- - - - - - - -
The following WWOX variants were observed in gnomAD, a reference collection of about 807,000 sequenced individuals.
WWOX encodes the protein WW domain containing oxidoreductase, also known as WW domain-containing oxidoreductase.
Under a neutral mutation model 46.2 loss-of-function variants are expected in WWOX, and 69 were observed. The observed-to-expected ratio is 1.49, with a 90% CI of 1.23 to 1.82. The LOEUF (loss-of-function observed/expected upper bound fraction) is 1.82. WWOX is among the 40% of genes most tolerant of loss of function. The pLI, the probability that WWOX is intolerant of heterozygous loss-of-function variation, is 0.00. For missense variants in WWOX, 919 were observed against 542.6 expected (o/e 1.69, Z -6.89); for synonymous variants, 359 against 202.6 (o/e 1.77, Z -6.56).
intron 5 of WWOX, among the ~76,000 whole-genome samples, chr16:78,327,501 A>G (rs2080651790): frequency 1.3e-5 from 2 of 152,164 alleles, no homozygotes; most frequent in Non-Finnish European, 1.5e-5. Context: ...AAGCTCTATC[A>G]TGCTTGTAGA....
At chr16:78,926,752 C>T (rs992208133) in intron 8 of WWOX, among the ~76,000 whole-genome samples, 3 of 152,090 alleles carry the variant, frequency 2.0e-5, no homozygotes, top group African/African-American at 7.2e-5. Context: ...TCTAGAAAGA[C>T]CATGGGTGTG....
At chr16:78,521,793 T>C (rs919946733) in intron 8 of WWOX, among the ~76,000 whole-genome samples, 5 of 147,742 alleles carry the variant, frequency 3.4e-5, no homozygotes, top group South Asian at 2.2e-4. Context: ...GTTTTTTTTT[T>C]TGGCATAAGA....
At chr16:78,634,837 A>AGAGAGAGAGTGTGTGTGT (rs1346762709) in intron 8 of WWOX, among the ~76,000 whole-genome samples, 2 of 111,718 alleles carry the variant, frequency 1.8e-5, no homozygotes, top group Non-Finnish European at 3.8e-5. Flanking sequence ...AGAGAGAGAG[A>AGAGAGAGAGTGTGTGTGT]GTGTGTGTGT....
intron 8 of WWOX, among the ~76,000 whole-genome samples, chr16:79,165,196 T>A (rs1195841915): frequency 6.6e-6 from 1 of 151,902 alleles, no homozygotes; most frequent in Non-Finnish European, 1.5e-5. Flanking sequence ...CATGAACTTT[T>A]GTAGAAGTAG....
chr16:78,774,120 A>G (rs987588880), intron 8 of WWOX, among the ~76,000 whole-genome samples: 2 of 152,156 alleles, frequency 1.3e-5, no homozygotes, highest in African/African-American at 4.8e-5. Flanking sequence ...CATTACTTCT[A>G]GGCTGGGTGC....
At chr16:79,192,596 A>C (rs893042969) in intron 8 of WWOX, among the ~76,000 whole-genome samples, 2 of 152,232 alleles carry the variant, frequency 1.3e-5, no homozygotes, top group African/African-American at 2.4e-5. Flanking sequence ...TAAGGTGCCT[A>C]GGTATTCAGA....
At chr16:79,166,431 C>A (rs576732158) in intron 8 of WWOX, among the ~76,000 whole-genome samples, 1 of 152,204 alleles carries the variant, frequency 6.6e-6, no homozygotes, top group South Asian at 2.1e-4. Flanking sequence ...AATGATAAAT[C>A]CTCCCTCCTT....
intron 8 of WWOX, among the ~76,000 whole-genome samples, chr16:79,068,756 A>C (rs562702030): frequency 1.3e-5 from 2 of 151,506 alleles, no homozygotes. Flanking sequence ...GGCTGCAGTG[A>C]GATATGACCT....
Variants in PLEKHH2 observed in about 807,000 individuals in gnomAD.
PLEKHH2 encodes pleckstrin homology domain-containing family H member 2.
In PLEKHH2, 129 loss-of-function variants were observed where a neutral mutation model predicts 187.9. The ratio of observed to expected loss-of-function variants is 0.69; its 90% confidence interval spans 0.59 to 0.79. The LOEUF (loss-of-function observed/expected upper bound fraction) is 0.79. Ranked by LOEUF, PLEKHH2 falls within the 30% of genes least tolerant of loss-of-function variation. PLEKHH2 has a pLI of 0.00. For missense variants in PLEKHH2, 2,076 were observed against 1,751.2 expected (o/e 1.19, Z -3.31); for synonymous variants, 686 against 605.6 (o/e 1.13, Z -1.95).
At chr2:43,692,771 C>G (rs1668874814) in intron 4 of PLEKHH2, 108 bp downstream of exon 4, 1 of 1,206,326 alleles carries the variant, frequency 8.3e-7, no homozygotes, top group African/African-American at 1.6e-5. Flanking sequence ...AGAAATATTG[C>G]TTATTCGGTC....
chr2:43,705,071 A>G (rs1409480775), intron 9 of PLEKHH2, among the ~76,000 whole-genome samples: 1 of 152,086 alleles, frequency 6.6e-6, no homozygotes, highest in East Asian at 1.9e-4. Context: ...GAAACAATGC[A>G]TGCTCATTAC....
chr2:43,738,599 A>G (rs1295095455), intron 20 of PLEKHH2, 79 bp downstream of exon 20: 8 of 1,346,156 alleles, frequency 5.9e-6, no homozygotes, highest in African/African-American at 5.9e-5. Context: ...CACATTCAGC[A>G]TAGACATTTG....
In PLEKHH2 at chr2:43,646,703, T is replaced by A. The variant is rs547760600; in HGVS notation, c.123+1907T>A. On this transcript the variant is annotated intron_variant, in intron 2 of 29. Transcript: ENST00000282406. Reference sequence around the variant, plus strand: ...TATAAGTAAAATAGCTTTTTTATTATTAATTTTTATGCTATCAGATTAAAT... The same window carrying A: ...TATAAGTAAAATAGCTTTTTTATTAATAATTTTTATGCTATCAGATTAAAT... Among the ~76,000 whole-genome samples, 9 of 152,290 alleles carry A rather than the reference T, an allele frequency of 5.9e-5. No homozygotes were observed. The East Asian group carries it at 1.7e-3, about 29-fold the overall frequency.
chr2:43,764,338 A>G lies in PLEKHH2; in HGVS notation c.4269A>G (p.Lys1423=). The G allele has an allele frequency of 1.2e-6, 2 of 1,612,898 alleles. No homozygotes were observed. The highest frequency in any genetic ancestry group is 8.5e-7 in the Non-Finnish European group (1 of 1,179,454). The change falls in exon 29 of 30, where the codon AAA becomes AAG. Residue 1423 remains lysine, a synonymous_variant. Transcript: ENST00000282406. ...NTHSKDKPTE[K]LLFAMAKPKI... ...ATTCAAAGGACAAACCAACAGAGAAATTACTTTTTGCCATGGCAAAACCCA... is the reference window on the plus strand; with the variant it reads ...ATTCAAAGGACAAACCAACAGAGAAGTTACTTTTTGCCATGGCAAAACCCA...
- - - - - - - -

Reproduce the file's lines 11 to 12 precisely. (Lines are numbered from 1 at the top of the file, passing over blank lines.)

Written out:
At chr16:79,166,431 C>A (rs576732158) in intron 8 of WWOX, among the ~76,000 whole-genome samples, 1 of 152,204 alleles carries the variant, frequency 6.6e-6, no homozygotes, top group South Asian at 2.1e-4. Flanking sequence ...AATGATAAAT[C>A]CTCCCTCCTT....
intron 8 of WWOX, among the ~76,000 whole-genome samples, chr16:79,068,756 A>C (rs562702030): frequency 1.3e-5 from 2 of 151,506 alleles, no homozygotes. Flanking sequence ...GGCTGCAGTG[A>C]GATATGACCT....